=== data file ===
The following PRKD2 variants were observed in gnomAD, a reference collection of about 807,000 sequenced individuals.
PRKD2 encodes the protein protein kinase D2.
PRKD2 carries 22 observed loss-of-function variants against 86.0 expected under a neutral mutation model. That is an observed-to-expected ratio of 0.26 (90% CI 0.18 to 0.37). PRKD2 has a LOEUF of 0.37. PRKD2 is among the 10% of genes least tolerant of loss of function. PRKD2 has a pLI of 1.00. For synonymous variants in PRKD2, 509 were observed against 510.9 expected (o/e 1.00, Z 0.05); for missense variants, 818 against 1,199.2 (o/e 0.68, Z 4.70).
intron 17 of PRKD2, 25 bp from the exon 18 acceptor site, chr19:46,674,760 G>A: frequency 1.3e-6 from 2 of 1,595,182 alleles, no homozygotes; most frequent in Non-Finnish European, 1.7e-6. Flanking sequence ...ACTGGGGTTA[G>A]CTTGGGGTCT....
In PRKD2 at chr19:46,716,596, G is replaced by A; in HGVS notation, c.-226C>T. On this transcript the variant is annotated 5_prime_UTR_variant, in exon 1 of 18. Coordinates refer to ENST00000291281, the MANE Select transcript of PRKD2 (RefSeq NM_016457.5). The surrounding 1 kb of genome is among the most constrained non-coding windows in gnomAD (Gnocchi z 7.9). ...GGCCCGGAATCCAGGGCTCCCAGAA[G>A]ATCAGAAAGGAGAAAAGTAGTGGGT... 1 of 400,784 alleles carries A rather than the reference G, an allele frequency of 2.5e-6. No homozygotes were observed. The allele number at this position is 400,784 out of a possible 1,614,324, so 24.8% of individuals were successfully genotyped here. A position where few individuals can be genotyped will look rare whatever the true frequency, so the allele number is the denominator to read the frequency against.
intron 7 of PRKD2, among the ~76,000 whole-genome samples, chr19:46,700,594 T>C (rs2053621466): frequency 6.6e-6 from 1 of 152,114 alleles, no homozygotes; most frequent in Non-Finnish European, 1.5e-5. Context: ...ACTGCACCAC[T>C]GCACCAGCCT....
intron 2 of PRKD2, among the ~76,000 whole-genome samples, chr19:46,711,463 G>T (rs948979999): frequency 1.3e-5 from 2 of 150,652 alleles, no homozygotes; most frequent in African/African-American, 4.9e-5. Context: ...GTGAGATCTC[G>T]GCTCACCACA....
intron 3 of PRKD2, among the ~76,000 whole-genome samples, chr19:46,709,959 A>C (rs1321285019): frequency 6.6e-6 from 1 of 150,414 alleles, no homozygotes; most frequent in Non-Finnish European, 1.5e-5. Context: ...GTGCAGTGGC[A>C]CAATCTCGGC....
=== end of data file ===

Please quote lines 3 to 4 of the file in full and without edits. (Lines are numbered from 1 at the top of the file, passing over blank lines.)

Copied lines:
PRKD2 carries 22 observed loss-of-function variants against 86.0 expected under a neutral mutation model. That is an observed-to-expected ratio of 0.26 (90% CI 0.18 to 0.37). PRKD2 has a LOEUF of 0.37. PRKD2 is among the 10% of genes least tolerant of loss of function. PRKD2 has a pLI of 1.00. For synonymous variants in PRKD2, 509 were observed against 510.9 expected (o/e 1.00, Z 0.05); for missense variants, 818 against 1,199.2 (o/e 0.68, Z 4.70).
intron 17 of PRKD2, 25 bp from the exon 18 acceptor site, chr19:46,674,760 G>A: frequency 1.3e-6 from 2 of 1,595,182 alleles, no homozygotes; most frequent in Non-Finnish European, 1.7e-6. Flanking sequence ...ACTGGGGTTA[G>A]CTTGGGGTCT....